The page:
Supreme Court Says 7th Circuit Erred in Northwestern ERISA Ruling
Current and former Northwestern University employees with contribution retirement plans sued their employer, its retirement investment committee, and the individual officials who administer the plans, alleging violations of the Employee Retirement Income Security Act’s (ERISA) duty of prudence. The U.S. District Court for the Northern District of Illinois dismissed the claims, and the U.S. 7th Circuit Court of Appeals (which covers Illinois, Indiana, and Wisconsin) affirmed the dismissal. Both courts found the duty of prudence was met because the employees were given an array of investment options to choose from. The U.S. Supreme Court vacated the judgment and returned the case to the lower courts, holding the 7th Circuit erred by not considering the Supreme Court’s holding about the duty of prudence in a 2015 case.
Northwestern offers two retirement plans: the Northwestern University Retirement Plan and the Northwestern University Voluntary Savings Plan. Employees may participate in both plans. As participants, they were able to select how they invest their funds from a menu of options selected by the plan administrators.
The plans included investment management fees and charges for recordkeeping services. The investment management fees were expense ratios, which are calculated as a percentage of the assets the plan participant chose to invest. The recordkeeping charges could be calculated as either expense ratios or a flat rate.
The employees sued the university, the plan, and its administrators in federal district court, claiming they violated ERISA’s duty of prudence required of all plan fiduciaries by:
- Failing to monitor and control recordkeeping fees, resulting in unreasonably high costs to plan participants;
- Offering mutual funds and annuities in the form of “retail” share classes that carried higher fees than those charged by otherwise identical share classes of the same investments available to certain large investors; and
- Offering options likely to confuse investors.
The district court dismissed the claims. The 7th Circuit affirmed, holding the plan had upheld the duty of prudence by assembling an array of investment choices.
Standard of Review
Under ERISA, plan fiduciaries must discharge their duties “with the care, skill, prudence, and diligence under the circumstances then prevailing that a prudent man acting in a like capacity and familiar with such matters would use in the conduct of an enterprise of a like character and with like aims.” The Act’s fiduciary duties are not only statutory but also derived from the common law of trusts. Accordingly, a trustee must exercise prudence not only in selecting investments at the outset but also monitoring and removing imprudent investments during their duration.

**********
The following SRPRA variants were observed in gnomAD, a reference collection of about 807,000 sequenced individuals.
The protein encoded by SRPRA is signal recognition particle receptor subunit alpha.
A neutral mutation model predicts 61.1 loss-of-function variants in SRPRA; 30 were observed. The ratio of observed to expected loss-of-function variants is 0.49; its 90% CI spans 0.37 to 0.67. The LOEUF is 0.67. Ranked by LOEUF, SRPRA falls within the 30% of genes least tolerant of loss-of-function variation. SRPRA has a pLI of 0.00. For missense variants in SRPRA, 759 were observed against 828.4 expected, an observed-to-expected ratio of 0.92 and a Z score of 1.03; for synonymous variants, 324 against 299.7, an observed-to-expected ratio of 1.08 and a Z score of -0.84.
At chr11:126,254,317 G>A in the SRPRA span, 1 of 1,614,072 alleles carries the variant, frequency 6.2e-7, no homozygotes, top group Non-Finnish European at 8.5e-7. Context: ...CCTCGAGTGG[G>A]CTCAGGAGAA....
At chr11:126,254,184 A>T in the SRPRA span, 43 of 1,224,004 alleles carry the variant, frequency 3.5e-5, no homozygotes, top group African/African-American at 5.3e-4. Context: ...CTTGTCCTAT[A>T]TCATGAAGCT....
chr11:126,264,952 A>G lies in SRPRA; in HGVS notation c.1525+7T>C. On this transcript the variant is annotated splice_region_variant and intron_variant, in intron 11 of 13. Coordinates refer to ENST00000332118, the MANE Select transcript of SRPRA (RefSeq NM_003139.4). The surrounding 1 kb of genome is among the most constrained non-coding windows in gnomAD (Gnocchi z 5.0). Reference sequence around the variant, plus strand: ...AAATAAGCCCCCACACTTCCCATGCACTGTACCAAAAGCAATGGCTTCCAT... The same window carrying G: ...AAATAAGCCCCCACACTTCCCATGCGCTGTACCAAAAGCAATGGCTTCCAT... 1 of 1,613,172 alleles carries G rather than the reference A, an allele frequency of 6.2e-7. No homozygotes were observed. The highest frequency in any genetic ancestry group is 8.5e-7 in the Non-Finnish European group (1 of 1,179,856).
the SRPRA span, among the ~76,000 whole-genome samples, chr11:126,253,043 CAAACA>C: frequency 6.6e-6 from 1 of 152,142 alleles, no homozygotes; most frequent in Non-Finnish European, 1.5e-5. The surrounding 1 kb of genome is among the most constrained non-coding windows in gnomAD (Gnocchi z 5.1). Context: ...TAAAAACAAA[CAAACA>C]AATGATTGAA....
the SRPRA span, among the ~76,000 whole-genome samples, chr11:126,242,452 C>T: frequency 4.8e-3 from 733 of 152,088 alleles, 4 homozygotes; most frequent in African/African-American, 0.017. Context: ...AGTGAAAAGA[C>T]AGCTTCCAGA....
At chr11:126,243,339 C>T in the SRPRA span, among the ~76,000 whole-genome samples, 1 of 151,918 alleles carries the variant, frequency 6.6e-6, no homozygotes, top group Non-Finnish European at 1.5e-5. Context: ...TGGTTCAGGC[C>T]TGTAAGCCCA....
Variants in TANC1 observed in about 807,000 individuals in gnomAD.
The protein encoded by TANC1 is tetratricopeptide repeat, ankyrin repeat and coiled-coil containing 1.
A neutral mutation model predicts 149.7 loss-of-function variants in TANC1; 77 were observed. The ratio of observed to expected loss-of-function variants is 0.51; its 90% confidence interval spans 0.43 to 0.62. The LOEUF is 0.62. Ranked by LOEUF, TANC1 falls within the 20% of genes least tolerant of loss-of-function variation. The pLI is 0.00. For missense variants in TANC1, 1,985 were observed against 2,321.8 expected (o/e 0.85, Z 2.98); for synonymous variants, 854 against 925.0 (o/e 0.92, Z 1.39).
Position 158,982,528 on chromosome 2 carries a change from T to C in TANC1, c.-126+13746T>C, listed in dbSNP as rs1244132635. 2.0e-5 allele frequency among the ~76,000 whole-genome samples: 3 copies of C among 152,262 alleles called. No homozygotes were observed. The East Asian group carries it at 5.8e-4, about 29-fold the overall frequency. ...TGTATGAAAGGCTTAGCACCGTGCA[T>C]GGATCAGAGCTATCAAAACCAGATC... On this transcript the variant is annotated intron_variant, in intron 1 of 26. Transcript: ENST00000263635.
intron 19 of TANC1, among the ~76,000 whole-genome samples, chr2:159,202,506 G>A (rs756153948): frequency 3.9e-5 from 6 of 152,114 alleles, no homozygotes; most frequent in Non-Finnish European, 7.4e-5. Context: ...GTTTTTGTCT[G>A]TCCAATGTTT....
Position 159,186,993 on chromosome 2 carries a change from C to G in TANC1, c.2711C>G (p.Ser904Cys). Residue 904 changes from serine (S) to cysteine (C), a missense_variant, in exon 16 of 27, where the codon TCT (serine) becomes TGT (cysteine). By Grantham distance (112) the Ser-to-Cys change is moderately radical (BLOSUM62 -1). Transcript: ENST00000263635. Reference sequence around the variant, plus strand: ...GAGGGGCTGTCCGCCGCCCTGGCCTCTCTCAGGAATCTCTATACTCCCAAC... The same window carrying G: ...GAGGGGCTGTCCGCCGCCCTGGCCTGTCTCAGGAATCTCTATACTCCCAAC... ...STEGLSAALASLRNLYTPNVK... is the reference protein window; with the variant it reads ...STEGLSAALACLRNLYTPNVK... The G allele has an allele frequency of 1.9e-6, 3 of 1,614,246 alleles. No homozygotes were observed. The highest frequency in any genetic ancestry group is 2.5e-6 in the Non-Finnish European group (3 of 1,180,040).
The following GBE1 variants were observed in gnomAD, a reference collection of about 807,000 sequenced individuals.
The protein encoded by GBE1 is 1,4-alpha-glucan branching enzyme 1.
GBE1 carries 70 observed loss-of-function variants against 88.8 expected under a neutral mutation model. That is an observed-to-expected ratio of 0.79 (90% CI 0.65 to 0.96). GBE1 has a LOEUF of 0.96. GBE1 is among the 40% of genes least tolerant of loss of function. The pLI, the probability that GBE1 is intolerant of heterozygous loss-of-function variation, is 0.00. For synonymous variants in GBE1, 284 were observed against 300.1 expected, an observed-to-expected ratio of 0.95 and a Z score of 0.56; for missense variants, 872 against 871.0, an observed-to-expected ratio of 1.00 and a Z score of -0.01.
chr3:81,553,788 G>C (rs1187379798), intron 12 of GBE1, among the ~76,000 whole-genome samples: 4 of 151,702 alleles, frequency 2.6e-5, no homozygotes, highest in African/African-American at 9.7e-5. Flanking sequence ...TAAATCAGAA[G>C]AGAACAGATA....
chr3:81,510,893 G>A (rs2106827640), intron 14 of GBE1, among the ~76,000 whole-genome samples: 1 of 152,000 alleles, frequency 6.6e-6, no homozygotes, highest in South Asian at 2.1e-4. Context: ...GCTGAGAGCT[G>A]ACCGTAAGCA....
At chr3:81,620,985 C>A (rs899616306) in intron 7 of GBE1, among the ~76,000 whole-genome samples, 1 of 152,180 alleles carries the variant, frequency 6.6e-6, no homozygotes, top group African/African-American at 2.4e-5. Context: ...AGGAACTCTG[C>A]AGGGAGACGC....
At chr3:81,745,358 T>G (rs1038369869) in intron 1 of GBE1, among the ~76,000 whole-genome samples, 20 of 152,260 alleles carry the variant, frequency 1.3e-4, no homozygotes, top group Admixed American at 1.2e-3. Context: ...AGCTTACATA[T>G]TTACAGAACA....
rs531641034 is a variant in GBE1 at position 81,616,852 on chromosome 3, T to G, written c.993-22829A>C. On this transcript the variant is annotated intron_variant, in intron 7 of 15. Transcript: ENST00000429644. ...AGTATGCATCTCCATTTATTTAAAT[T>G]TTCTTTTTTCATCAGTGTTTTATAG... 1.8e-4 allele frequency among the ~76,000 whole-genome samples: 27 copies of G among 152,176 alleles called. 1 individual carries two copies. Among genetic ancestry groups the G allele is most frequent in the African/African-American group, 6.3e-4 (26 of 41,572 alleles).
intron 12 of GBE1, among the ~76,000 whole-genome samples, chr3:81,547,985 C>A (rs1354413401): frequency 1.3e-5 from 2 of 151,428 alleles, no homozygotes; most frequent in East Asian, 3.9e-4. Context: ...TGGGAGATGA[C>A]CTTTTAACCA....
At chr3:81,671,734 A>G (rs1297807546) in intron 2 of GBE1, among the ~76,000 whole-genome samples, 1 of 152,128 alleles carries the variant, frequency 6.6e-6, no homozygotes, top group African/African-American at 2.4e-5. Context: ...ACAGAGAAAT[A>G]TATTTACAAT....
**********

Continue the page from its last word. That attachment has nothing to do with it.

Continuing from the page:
The Supreme Court discussed the duty of prudence in light of the common law of trusts in 2015 in Tibble v. Edison Int’l. In the case, the participants claimed their plan fiduciaries offered “higher priced retail-class mutual funds as plan investments when materially identical lower priced institutional-class mutual funds were available.”
The Court held the duty of prudence under ERISA includes a duty to conduct regular investment reviews because the common law of trusts imposes the same duty on trustees. As a result, a fiduciary can be liable for ERISA claims by failing to conduct regular reviews and remove imprudent investments.
The Supreme Court determined Tibble’s duty to monitor plan investments applied to the Northwestern employees’ claims, which alleged the plan failed to monitor investments in numerous ways. Therefore, the 7th Circuit erred in considering only the duty to assemble a diverse menu of choices and overlooking the duty to monitor plans and remove imprudent investments as articulated by the 2015 ruling.
The Supreme Court vacated the judgment and sent the case back to the 7th Circuit to reevaluate the employees’ allegations.
ERISA’s duty of prudence isn’t upheld simply by assembling an array of investment options. Plan fiduciaries should ensure they uphold the duty of prudence throughout the duration of the plan investments by periodically reviewing them and removing imprudent ones.
This article, slightly modified to note recent updates, was featured online in the Wisconsin Employment Law Letter and published by BLR®—Business & Legal Resources. Reproduced here with the permission of BLR®—Business & Legal Resources.